Vascular Stenosis: An Introduction

Marc Thiriet 1, 2 Michel Delfour 3 André Garon 3
1 REO - Numerical simulation of biological flows
LJLL - Laboratoire Jacques-Louis Lions, Inria Paris-Rocquencourt, UPMC - Université Pierre et Marie Curie - Paris 6
Abstract : An arterial stenosis is a narrowing of the lumen that disturbs the local blood flow and precludes the adequate irrigation of perfused organs. A vascular stenosis can be extrinsic, which is caused by external compression (e.g., aneurysms and tumors), or intrinsic, currently related to atherosclerosis. Atherosclerosis is defined by an intramural retention of lipids coupled to inflammation and dyslipidemia. Atherosclerosis scatters throughout large and medium thick-walled systemic arteries, especially near and in branching regions. (Pulmonary arterial stenosis is a congenital defect.) Atherosclerosis is characterized by migration from the media, proliferation, and dedifferentiation of vascular smooth myocytes in the subendothelial layer, in addition to monocyte diapedesis and differentiation into macrophages. Both smooth myocytes and macrophages scavenge accumulated oxidized low-density lipoproteins (oxLDL) and transform into foam cells. Atherosclerosis produces symptoms when the arterial lumen is severely narrowed. Advanced atherosclerotic plaques can be destabilized, thereby being a source of clotting and subsequent emboli. Emboli block tissue perfusion in a smaller downstream artery, thereby causing ischemia and infarction. The treatment of stenotic arterial segments relies on surgical grafting or medical minimally invasive procedures such as stenting. However, both methods often lead to intimal hyperplasia resulting from uncontrolled proliferation of vascular smooth myocytes. Whereas atheroma evolves during a time magnitude order of 10 years, posttherapeutic intimal hyperplasia develops in a period of order 1 month. Successful stenting can be assumed as a procedure without strong endothelial injury. In other words, both delayed thrombosis and intimal hyperplasia result from stent deployment that more or less severely damages the vascular endothelium. To eliminate these complications, drug-eluting stents have been designed and fabricated. However, the antiproliferative drug not only blocks vascular smooth myocyte division but also precludes endothelium healing. In the absence of proper endothelial interface between blood and arterial wall, that is, when the local controller of blood coagulation and cell proliferation is missing, thrombosis and restenosis occur. Arterial stenoses have stimulated biomechanicians and applied mathematicians. They carried out flow visualization and pressure and velocity measurements in experimental models of stenoses with idealized, symmetrical or not, geometry. In parallel to technological improvements of medical imaging techniques, computational fluid dynamics, due to new numerical schemes and high-performance computing, enables to perform numerical tests on subject-specific compartments of the blood circulation, after 3D reconstruction, rather than focusing on more or less short arterial, branched or not, segments. In addition, the drug release from drug-eluting stents is investigated using mathematical models.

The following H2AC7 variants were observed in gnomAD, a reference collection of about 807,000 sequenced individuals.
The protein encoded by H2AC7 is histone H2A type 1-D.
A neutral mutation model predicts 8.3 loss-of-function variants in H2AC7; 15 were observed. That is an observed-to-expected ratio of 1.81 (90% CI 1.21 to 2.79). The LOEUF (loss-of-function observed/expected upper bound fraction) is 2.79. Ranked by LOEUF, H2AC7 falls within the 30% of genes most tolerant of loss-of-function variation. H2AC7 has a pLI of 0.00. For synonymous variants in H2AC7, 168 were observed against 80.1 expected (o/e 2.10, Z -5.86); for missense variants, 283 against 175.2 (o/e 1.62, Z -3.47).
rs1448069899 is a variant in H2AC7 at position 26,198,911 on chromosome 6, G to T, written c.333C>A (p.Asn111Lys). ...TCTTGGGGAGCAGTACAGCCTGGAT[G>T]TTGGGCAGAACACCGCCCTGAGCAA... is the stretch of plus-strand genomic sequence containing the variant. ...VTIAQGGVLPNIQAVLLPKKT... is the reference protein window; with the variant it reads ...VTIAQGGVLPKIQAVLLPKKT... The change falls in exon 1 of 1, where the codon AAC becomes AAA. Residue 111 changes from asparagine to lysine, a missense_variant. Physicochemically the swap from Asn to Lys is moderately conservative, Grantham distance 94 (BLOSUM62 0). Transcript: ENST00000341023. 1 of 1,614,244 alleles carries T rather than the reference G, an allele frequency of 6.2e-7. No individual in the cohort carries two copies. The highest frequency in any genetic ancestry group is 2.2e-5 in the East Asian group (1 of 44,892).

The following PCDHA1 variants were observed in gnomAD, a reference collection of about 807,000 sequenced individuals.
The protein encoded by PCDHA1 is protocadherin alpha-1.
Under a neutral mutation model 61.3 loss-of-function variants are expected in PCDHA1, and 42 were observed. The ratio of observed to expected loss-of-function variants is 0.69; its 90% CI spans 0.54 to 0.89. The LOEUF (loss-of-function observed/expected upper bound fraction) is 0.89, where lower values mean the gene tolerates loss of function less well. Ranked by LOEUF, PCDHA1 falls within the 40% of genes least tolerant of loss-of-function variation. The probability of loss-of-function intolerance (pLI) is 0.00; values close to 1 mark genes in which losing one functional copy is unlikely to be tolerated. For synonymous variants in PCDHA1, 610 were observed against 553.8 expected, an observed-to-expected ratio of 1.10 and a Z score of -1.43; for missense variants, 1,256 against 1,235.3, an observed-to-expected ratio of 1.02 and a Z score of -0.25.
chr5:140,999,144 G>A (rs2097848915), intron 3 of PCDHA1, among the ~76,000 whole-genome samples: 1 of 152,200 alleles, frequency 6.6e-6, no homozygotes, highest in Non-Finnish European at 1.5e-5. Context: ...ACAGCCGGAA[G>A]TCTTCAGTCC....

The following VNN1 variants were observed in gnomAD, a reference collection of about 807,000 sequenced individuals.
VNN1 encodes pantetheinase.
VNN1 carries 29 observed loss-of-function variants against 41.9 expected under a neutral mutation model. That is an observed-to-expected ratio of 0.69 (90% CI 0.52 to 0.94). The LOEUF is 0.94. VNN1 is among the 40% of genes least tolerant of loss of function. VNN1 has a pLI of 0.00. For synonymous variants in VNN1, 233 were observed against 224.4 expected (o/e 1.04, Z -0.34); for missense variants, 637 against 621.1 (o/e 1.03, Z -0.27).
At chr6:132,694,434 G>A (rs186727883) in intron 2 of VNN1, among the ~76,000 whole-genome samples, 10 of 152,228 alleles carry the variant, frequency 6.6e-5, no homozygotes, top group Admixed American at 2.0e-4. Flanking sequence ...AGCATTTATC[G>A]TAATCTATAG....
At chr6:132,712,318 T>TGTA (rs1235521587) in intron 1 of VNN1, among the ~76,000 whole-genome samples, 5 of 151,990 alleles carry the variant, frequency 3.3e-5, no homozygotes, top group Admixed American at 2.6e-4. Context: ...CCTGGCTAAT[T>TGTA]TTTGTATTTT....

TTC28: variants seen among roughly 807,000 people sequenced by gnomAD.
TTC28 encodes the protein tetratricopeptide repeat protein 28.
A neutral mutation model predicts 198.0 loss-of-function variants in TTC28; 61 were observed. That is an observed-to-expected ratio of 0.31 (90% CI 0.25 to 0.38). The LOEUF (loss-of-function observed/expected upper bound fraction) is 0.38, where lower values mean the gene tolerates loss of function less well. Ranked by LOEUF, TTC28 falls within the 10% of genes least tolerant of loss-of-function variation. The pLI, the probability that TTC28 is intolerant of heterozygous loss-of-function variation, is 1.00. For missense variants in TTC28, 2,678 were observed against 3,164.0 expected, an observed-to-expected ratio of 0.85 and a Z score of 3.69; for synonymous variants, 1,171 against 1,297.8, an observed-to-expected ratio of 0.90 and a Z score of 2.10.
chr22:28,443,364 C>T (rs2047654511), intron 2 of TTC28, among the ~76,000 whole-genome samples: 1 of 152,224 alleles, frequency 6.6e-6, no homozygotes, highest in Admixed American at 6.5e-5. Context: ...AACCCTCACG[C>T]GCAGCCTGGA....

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Submitted on : Friday, March 6, 2015 - 11:21:44 AM
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Marc Thiriet, Michel Delfour, André Garon. Vascular Stenosis: An Introduction. Peter Lanzer. PanVascular Medicine, Springer, pp.781-868, 2015, 978-3-642-37077-9. ⟨10.1007/978-3-642-37078-6_32⟩. ⟨hal-01125625⟩

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